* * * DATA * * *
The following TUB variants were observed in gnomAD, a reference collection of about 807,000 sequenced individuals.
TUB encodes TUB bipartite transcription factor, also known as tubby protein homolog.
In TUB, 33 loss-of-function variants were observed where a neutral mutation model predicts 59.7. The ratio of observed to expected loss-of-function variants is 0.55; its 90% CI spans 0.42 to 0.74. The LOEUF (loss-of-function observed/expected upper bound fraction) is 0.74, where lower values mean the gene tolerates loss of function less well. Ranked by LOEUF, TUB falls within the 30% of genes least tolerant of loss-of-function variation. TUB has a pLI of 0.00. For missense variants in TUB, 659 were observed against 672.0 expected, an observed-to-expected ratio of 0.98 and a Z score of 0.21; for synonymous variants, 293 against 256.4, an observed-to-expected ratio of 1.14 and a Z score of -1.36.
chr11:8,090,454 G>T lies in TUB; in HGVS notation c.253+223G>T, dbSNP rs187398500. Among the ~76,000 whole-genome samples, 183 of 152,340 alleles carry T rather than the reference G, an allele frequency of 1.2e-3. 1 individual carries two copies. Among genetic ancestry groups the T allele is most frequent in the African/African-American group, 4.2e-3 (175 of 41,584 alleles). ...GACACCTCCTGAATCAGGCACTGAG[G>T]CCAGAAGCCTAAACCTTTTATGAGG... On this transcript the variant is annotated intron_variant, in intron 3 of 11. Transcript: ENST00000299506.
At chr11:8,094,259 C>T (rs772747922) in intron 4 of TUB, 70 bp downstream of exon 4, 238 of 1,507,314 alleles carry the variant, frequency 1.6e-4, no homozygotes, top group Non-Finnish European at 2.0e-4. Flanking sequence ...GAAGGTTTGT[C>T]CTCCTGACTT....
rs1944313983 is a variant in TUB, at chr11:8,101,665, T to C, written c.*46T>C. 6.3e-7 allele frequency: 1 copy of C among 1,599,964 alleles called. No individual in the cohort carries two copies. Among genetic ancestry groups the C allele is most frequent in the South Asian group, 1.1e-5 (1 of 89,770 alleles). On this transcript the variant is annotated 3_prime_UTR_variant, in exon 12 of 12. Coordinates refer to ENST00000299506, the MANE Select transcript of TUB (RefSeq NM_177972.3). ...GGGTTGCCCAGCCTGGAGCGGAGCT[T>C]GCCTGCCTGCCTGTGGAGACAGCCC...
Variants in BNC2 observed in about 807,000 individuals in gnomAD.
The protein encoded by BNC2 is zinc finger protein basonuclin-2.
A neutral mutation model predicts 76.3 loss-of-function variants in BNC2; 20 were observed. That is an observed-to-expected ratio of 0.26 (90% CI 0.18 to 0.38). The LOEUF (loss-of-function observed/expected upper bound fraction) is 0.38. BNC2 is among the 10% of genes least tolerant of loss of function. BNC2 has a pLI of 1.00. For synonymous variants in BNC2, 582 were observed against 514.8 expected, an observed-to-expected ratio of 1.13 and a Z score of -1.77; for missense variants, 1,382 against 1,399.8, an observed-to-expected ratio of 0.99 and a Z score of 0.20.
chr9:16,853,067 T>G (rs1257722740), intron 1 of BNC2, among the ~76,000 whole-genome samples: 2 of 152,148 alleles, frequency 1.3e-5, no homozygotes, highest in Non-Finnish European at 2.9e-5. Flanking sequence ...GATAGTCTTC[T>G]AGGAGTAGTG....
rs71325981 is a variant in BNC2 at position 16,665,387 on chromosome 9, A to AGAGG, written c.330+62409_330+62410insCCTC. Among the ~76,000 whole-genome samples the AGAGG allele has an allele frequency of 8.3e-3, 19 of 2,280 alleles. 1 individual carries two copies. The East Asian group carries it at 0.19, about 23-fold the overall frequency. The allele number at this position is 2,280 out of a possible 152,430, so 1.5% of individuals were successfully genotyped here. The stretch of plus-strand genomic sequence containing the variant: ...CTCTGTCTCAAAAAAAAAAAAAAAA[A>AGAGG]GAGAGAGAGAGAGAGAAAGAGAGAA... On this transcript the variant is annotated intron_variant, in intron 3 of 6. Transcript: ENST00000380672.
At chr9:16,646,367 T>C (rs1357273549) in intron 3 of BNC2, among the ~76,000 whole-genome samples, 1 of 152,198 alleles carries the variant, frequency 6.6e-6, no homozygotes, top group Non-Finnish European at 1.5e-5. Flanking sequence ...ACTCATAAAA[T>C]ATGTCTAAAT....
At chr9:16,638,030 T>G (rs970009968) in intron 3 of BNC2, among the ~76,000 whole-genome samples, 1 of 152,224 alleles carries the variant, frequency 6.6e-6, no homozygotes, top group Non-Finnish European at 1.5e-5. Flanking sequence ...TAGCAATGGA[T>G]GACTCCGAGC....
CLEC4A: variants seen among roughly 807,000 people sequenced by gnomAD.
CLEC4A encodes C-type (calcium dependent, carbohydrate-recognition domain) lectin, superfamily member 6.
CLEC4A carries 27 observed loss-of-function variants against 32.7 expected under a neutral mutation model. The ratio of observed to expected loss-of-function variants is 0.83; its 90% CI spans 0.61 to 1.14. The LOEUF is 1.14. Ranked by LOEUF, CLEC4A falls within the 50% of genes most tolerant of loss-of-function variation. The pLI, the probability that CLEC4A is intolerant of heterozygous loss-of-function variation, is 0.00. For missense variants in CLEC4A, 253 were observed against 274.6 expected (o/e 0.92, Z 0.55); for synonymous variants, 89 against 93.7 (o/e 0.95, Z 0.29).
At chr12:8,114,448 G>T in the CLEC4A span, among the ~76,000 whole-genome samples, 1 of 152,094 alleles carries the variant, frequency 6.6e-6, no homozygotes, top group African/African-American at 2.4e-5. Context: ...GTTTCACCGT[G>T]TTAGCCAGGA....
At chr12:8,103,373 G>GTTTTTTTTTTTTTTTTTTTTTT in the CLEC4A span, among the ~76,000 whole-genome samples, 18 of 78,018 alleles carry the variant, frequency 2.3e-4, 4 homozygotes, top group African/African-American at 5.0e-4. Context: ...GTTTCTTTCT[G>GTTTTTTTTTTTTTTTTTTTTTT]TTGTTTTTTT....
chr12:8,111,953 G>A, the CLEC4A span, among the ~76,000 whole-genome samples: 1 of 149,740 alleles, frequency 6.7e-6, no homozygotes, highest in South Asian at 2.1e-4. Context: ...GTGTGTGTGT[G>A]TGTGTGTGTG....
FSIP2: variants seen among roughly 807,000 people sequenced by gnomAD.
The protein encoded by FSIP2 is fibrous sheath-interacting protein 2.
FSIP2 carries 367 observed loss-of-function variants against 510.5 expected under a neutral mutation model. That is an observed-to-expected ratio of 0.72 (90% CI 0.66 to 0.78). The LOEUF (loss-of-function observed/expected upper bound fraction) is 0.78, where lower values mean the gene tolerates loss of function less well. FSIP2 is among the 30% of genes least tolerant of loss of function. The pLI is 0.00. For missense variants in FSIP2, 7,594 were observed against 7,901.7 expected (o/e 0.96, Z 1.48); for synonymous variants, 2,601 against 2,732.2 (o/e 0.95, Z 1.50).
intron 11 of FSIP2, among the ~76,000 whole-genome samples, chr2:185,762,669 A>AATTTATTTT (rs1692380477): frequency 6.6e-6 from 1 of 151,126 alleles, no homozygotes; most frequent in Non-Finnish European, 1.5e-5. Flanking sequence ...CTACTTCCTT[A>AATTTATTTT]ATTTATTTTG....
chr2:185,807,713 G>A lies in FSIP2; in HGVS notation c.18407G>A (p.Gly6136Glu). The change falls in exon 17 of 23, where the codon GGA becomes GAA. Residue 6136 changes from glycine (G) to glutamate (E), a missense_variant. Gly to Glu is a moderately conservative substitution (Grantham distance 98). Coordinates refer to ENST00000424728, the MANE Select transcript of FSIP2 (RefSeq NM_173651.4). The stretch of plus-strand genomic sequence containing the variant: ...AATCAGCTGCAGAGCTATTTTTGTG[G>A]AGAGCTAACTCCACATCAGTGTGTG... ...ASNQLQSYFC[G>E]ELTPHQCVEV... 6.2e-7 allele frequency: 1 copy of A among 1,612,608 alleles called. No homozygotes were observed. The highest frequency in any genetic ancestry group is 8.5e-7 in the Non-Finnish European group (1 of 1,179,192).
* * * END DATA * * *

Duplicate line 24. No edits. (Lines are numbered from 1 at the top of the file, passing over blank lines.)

chr2:185,807,713 G>A lies in FSIP2; in HGVS notation c.18407G>A (p.Gly6136Glu). The change falls in exon 17 of 23, where the codon GGA becomes GAA. Residue 6136 changes from glycine (G) to glutamate (E), a missense_variant. Gly to Glu is a moderately conservative substitution (Grantham distance 98). Coordinates refer to ENST00000424728, the MANE Select transcript of FSIP2 (RefSeq NM_173651.4). The stretch of plus-strand genomic sequence containing the variant: ...AATCAGCTGCAGAGCTATTTTTGTG[G>A]AGAGCTAACTCCACATCAGTGTGTG... ...ASNQLQSYFC[G>E]ELTPHQCVEV... 6.2e-7 allele frequency: 1 copy of A among 1,612,608 alleles called. No homozygotes were observed. The highest frequency in any genetic ancestry group is 8.5e-7 in the Non-Finnish European group (1 of 1,179,192).